Strip the Willow and Rip the Bodice

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The Post in which I Get Tired of Happy Endings June 18, 2010

It appears! The RDJ .gif I was going to use in the Title and Rank post!

Okay. I have to admit.

I see the pattern, duh.

But I’m really sick of the constant happy family ending.

As you probably guessed – Jem is a family man at heart, raising his daughter Little Father – sorry, Eugenia on his own. In fact, she gets her own little subplot where she is bit by a rat and suffers from rat-bite fever.

Shock and awe that this is another chance for Jem and Harriet (now known to Jem and Eugenia as a woman) to bond. Over a child.

Okay. That’s fine. So Harriet, in marrying Jem, becomes Eugenie’s mother. Saw that from the beginning.

But the epilogue?

“‘Where do you suppose this baby came from?’ he said wonderingly.

‘The usual places.’ He loved her laugh.

‘But we were married for years without children. And then Colin, and now -‘

‘I didn’t think I could.’

Under his hand was just the smallest flutter of life. ‘I never used to cry, not a single damp eye, before I met you,’ he said accusingly.

She kissed him until he didn’t feel sentimental anymore, just hungry. But he didn’t want to wear Harriet out, so he didn’t follow that kiss to its natural conclusion.” p.365

Yep. They have their own baby and another is on the way.

Curb my enthusiasm.

But this doesn’t make sense. We’ve learned that this novel takes place in the 1780s right? And at the start, Harriet is twenty-seven. Jem is thirty. Eugenia is eight. In the epilogue, Eugenia is in her teens (she’s come out) so that means that Harriet has to be somewhere in her mid thirties.

And it’s 1780. I don’t know – I feel like the author is playing with fire here. Especially since Eugenie almost dies of rat-bite fever – sickness was easy to come by. To give birth in her thirties seems a little troublesome – but then again – maybe not so much. I guess we can just chalk that up to the masculine side of Harriet.

But I’m going to speak plainly here. I did not want this book to end with a happy family. Marriage? Sure. Family unit? Sure. But a new baby and another on the way?

Simply: I felt that Harriet’s masculinity was taken away. She had this great side to her for over three hundred pages then all of a sudden … she’s a mother and pregnant. She still has her streak of independence, of course (we hear about her riding from Jem as well as her wearing breaches when she rides), but I just felt that in this moment, Harriet was de-masculinized.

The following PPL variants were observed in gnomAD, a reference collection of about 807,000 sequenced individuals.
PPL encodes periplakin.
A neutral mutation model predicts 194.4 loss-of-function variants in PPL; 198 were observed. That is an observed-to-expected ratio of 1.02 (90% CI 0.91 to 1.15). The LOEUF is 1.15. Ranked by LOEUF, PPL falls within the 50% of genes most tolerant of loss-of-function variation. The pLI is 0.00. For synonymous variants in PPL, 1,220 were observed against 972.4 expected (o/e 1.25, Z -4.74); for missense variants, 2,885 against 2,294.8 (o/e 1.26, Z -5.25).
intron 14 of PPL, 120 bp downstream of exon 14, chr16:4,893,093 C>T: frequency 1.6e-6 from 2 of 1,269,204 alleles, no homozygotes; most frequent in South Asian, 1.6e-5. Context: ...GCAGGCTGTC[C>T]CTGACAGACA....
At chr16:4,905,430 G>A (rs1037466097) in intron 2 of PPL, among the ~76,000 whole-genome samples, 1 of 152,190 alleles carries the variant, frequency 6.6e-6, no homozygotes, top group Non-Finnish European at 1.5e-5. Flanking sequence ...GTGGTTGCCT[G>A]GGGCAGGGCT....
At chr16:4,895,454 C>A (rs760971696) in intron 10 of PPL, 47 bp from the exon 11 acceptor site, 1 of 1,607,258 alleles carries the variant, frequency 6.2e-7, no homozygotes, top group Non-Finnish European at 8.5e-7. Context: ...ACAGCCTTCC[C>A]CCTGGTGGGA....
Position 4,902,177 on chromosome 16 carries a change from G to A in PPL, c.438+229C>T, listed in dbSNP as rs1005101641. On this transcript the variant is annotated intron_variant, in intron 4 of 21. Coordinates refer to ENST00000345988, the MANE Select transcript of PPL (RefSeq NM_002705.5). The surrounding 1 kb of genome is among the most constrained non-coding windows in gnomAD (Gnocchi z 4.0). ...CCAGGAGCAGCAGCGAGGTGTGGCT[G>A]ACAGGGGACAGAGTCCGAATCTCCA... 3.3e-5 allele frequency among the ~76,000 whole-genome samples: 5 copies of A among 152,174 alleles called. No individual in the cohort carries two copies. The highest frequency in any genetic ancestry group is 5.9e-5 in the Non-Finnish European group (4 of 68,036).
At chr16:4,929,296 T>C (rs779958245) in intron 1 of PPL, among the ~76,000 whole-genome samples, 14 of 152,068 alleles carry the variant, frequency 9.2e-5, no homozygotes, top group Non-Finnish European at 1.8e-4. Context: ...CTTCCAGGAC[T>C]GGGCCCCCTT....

I won’t even comment on Jem getting teary. We’ve seen in pretty much every novel before this that the men get this sentimental streak in them by the end of the novel so it isn’t out of the ordinary. It’s part of the formula. I don’t even think I’d bring my gender argument into this part because it’s so hackneyed that his ‘weepiness’ was just expected.

Happy family, remember?

So – my question: is there a book out there that ends with the protagonists going off on a new adventure rather than settling?

Is there something else to look forward to?

Sure, for the first few books, the ending was satisfying but now … now, I want something different. You can always change aspects of the formula  – but the structure of it remains. Can’t adventure be substituted for ‘happy family?’

I don’t mean that I expected Harriet and Jem to explore the world – they didn’t seem the type – but what about the characters like Breanne and Caedmon from Viking in Love who seem to be?

So – until I find that – my reactions to the family-endings of these novels is going to be something like Ned’s:

Yeah ... no.

I was going to used a bummed Ron and Hermione (from PS even!) but I miss Pushing Daisies and I don’t want to think about how principle photography finished on Harry Potter a few days ago.

I still remember where I was when I first saw Daniel Radcliffe, Emma Watson, and Rupert Grint in a picture together – I was at my friend Sandy’s house using the computer – the picture took forever to load and the background was a the usual logo in tile effect. I remember how excited we were. And that was so many years ago …

End of an era … my childhood is really dying next year with the last film (though, it really did probably end with the final book – I’m giving it one last stretch).

Anyway – enough about HP.

Next week book looks … well … it looks interesting in an interesting way.

Have a great weekend!

PALATE CLEANSER! CLICK ME!

Reference

James, Eloisa. Duchess By Night. New York: Avon Books, 2008.

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